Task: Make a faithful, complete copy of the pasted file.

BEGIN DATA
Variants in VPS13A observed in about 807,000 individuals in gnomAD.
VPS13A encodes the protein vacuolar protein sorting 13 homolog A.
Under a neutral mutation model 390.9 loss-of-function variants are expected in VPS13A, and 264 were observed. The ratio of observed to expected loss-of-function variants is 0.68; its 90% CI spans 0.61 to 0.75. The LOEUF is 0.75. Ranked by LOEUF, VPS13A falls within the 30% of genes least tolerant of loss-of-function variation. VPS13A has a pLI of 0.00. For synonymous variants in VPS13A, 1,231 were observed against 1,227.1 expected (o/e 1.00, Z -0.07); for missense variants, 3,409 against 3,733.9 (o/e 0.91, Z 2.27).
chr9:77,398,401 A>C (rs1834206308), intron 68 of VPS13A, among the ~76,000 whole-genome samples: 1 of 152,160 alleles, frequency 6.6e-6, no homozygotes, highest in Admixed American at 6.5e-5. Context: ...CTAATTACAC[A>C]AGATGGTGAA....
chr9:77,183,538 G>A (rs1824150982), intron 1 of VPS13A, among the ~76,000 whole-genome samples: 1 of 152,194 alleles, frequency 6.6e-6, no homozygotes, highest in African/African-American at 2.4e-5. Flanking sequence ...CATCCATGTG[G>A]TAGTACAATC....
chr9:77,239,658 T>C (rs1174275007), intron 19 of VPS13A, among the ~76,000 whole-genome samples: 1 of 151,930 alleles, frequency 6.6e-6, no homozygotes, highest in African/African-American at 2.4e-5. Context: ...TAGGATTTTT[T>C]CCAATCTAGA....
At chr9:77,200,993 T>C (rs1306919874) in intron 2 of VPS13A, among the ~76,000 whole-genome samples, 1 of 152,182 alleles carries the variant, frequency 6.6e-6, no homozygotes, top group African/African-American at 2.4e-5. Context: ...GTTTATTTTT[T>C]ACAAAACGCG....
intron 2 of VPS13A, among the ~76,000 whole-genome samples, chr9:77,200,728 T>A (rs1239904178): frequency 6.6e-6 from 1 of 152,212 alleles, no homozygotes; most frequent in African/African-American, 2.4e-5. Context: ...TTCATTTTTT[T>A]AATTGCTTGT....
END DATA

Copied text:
Variants in VPS13A observed in about 807,000 individuals in gnomAD.
VPS13A encodes the protein vacuolar protein sorting 13 homolog A.
Under a neutral mutation model 390.9 loss-of-function variants are expected in VPS13A, and 264 were observed. The ratio of observed to expected loss-of-function variants is 0.68; its 90% CI spans 0.61 to 0.75. The LOEUF is 0.75. Ranked by LOEUF, VPS13A falls within the 30% of genes least tolerant of loss-of-function variation. VPS13A has a pLI of 0.00. For synonymous variants in VPS13A, 1,231 were observed against 1,227.1 expected (o/e 1.00, Z -0.07); for missense variants, 3,409 against 3,733.9 (o/e 0.91, Z 2.27).
chr9:77,398,401 A>C (rs1834206308), intron 68 of VPS13A, among the ~76,000 whole-genome samples: 1 of 152,160 alleles, frequency 6.6e-6, no homozygotes, highest in Admixed American at 6.5e-5. Context: ...CTAATTACAC[A>C]AGATGGTGAA....
chr9:77,183,538 G>A (rs1824150982), intron 1 of VPS13A, among the ~76,000 whole-genome samples: 1 of 152,194 alleles, frequency 6.6e-6, no homozygotes, highest in African/African-American at 2.4e-5. Flanking sequence ...CATCCATGTG[G>A]TAGTACAATC....
chr9:77,239,658 T>C (rs1174275007), intron 19 of VPS13A, among the ~76,000 whole-genome samples: 1 of 151,930 alleles, frequency 6.6e-6, no homozygotes, highest in African/African-American at 2.4e-5. Context: ...TAGGATTTTT[T>C]CCAATCTAGA....
At chr9:77,200,993 T>C (rs1306919874) in intron 2 of VPS13A, among the ~76,000 whole-genome samples, 1 of 152,182 alleles carries the variant, frequency 6.6e-6, no homozygotes, top group African/African-American at 2.4e-5. Context: ...GTTTATTTTT[T>C]ACAAAACGCG....
intron 2 of VPS13A, among the ~76,000 whole-genome samples, chr9:77,200,728 T>A (rs1239904178): frequency 6.6e-6 from 1 of 152,212 alleles, no homozygotes; most frequent in African/African-American, 2.4e-5. Context: ...TTCATTTTTT[T>A]AATTGCTTGT....